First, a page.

FLEMING | The stinging, unerasable scent of urine hung noxiously in the air surrounding Linda M. Edersheim's mobile home Thursday afternoon, baking in the persistent sun.

Inside the trailer — recently deemed uninhabitable by Fleming's code enforcement officer — the pungent smell of ammonia intensified, wafting off a furniture-cramped floor covered in a carpet of feathers, feces and food.

Following the local Society for the Prevention of Cruelty to Animal's raid of Edersheim's home on Wednesday, the home was empty of occupants, save a couple cats and kittens slinking around and under the property.

Carol Russell, director of the Finger Lakes SPCA of CNY, said seven small-breed dogs, twenty birds and an unknown number of cats were found living in deplorable conditions in and outside the Fleming residence.

She said the dogs — now under the care of the shelter — were in "poor physical condition, all requiring bathing, extensive grooming and visits with veterinarians. Russell said a 6-month-old pug appeared to be suffering from limited eyesight.

Because the investigation is ongoing, Russell could not comment on the homeowner, the house or any possible charges. The Cayuga County Sheriff's Office — who assisted with the raid — did not immediately respond to requests for comment.

The SPCA and Edersheim are far from strangers.

In 2003, 40 sickly birds and dogs — along with the bodies of a guinea pig, a couple rabbits and several birds — were removed from Edersheim's home after the owner of the trailer park tipped off the SPCA regarding the suspicious smell emanating from her home.

Originally charged with 62 counts of animal cruelty, Edersheim was fined $100 and sentenced to three years probation after she pleaded guilty to one count of animal cruelty. Edersheim was allowed to keep four cats, but ordered not to own, take in or take care of any additional animals until the probation department deemed she could.

"I've learned a good lesson, but it was the hard way to do it," Edersheim said after being sentenced in 2003.

Nine years later, Edersheim is once again hoarding animals.

Late Thursday afternoon, three volunteers assessed the conditions of some of the 20 cockatoos, Amazon parrots, blue and yellow macaws and lovebirds removed yesterday from the stuffed trailer.

As she helped lift a heavy bird cage hosting a white macaw into the bed of a truck, Dallyn Jenkins said the animals didn't appear to have been intentionally abused.

"Most of them, it's neglect more than anything else," Dallyn Jenkins, a longtime SPCA volunteer, said.

Speaking to the squawking and chattering birds in a soothing voice, Cindy Lee, owner of the Beverly Animal Shelter, detailed all the necessities the big birds were missing — proper food, toys and a clean, non-hazardous space to live.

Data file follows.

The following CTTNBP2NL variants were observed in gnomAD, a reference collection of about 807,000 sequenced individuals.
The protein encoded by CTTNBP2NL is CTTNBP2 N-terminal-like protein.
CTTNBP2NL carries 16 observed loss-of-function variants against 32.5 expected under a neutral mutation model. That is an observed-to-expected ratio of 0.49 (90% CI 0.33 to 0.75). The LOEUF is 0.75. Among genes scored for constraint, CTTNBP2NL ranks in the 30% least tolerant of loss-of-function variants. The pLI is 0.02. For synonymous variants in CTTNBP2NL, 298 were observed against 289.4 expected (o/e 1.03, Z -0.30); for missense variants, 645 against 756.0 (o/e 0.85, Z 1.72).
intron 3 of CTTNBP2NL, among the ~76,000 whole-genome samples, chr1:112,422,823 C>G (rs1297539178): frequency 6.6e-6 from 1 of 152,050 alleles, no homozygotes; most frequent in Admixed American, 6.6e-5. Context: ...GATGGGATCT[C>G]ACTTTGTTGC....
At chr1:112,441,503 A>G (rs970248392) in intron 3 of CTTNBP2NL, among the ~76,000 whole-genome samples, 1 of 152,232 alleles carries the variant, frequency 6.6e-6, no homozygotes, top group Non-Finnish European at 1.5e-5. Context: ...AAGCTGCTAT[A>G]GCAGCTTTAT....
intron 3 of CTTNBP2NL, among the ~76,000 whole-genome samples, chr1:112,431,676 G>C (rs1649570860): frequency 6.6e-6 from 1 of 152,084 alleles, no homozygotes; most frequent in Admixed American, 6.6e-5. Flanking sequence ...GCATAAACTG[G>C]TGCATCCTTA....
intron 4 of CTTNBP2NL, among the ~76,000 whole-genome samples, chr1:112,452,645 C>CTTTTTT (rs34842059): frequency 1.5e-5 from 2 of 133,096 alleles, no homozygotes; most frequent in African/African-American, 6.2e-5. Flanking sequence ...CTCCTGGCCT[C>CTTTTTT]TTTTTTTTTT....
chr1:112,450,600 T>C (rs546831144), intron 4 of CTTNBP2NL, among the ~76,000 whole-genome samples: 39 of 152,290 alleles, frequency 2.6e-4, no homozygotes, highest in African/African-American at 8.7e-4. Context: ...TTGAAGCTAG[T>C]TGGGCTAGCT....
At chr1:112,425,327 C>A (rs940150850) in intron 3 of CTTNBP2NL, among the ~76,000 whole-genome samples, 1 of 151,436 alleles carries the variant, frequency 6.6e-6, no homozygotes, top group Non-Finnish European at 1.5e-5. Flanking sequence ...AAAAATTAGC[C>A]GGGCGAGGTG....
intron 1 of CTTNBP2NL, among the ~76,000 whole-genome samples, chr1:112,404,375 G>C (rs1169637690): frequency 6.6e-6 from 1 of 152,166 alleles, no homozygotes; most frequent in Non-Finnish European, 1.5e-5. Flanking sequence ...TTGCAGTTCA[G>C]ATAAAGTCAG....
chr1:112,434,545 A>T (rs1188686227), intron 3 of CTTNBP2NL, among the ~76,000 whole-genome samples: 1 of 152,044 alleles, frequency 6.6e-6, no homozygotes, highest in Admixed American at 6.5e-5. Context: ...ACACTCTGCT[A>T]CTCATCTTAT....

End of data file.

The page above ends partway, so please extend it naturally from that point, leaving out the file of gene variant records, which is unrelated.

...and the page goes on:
She said many people adopt birds without realizing the feathered pets can live for decades.

"When you take this on, you're taking them on for a lifetime," Lee said. "People get them and don't know what to do with them."

After bringing the birds back to the shelter for medical treatment, Lee said she will work to find the neglected birds knowledgeable, dedicated families.

"My goal is to foster them out and get them into homes — homes forever," she said.

As he strapped the cages securely to his truck, SPCA volunteer Rich Byndas checked on the two kittens lodged in his back seat. He said seeing what conditions the animals lived in — along with the conditions Edersheim lived in — isn't easy to stomach.

"It's not new to me," Byndas said. "But it's still hard to see."

Staff writer Samantha House can be reached at 282-2282 or samantha.house@lee.net. Follow her on Twitter at Citizen_House.

(5) comments

dailyreader
dailyreader

So PERHAPS in 2003 , a fine of MORE THAN 100.00 (which I am sure was not EARNED MONIES) would have had that HARD LESSON TO LEARN sting a bit more? And perhaps re checks???? Just sayin.

dailyreader
dailyreader

SPCA,, get harder and charge higher fines, like your adoption costs

dailyreader
dailyreader

"I've learned a good lesson, but it was the hard way to do it," Edersheim said after being sentenced in 2003. -----$100.00 bucks .. yeah...HARD LESSON

Farmer's Gal
Farmer's Gal

It obviously doesn't have anything to do with how big a fine you charge her. Look at how she lives -- she doesn't have any money. It's obvious she has a mental issue -- whether it's depression, or hoarding, or something more personal and harder to slap a label on -- she's unable to resist the desire to take on more animals than she can care for. She needs therapy and she needs to be prevented from having animals in an effective way. It's a sad thing, because clearly she loves animals, but she is not capable of caring for them, so that's just no good. Michael Vick is not allowed to own pets; this woman must not be allowed to own them either. Fines are useless against the poor who have no money anyway.

kitty13
kitty13

dailyreader- the SPCA does not set the fines, the court does. I'm sure if the SPCA had their way at the first trial, Edersheim would not be allowed to own pets again- ever. If anyone has a problem with the fine or judgement rendered in a cause of animal cruelty, they need to address the judge on the case. They decide the judgement and the fine. Clearly, the judge dropped the ball in the first case and hopefully will learn from the experience that you cannot let hoarders keep animals, as they will just do it again.
The SPCA does generally have the right to monitor convicted hoarders, but generally can only monitor the property from the outside and are not permitted to enter the property without the consent of the property owner (and are they really going to let the investigator enter the property??).

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